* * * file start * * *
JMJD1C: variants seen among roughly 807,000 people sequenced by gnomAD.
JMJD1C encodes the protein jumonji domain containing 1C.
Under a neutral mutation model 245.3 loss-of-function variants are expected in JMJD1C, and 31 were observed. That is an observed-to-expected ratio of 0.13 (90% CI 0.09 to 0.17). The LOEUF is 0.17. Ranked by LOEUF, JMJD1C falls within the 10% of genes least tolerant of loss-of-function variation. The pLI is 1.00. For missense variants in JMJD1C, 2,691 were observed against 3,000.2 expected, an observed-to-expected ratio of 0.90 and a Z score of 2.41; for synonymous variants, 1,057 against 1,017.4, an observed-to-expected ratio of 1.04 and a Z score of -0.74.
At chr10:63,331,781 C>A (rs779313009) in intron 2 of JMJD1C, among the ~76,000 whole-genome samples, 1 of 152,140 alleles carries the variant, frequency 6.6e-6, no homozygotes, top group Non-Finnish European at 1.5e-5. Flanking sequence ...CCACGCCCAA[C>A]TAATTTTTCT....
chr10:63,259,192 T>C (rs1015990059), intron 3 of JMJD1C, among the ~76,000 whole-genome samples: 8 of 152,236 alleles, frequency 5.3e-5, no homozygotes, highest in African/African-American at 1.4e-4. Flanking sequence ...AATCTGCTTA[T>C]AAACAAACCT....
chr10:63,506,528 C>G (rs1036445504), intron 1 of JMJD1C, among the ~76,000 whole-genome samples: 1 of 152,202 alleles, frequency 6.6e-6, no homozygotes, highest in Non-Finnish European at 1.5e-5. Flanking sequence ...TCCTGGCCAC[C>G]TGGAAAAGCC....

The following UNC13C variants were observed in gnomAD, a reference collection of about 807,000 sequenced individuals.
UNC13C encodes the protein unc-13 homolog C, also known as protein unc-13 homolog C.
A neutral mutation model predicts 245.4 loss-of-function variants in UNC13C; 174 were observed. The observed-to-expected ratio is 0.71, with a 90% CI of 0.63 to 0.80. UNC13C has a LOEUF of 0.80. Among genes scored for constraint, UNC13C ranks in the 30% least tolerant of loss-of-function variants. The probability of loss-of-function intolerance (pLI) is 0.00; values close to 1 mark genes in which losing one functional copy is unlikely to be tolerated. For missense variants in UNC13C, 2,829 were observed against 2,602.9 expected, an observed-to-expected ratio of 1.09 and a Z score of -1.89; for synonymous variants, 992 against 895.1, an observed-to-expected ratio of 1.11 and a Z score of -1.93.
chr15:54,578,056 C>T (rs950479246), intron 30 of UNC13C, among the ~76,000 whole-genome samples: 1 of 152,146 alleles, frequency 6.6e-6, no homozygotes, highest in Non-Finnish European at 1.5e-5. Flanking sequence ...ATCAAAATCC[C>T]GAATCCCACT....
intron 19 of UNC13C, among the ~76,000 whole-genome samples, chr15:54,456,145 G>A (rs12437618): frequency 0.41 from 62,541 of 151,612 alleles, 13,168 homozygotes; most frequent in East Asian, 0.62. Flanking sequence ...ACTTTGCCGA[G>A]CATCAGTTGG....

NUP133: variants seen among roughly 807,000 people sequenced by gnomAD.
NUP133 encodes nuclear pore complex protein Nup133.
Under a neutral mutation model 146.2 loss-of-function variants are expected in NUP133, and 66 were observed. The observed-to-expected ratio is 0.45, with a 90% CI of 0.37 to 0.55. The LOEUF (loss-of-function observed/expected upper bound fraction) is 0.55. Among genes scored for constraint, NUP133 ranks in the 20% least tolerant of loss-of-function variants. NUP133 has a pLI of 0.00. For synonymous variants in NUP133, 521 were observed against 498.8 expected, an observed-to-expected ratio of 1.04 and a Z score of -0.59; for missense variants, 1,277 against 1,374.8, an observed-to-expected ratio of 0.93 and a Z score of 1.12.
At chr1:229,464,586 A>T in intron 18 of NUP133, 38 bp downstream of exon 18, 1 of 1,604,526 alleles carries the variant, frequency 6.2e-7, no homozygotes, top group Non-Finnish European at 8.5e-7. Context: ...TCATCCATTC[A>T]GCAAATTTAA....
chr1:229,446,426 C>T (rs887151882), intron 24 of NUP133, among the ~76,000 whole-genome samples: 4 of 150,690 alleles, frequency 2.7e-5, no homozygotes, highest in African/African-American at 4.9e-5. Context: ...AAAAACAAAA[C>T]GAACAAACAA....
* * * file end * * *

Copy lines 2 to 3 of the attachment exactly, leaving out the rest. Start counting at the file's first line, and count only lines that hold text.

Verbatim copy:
JMJD1C encodes the protein jumonji domain containing 1C.
Under a neutral mutation model 245.3 loss-of-function variants are expected in JMJD1C, and 31 were observed. That is an observed-to-expected ratio of 0.13 (90% CI 0.09 to 0.17). The LOEUF is 0.17. Ranked by LOEUF, JMJD1C falls within the 10% of genes least tolerant of loss-of-function variation. The pLI is 1.00. For missense variants in JMJD1C, 2,691 were observed against 3,000.2 expected, an observed-to-expected ratio of 0.90 and a Z score of 2.41; for synonymous variants, 1,057 against 1,017.4, an observed-to-expected ratio of 1.04 and a Z score of -0.74.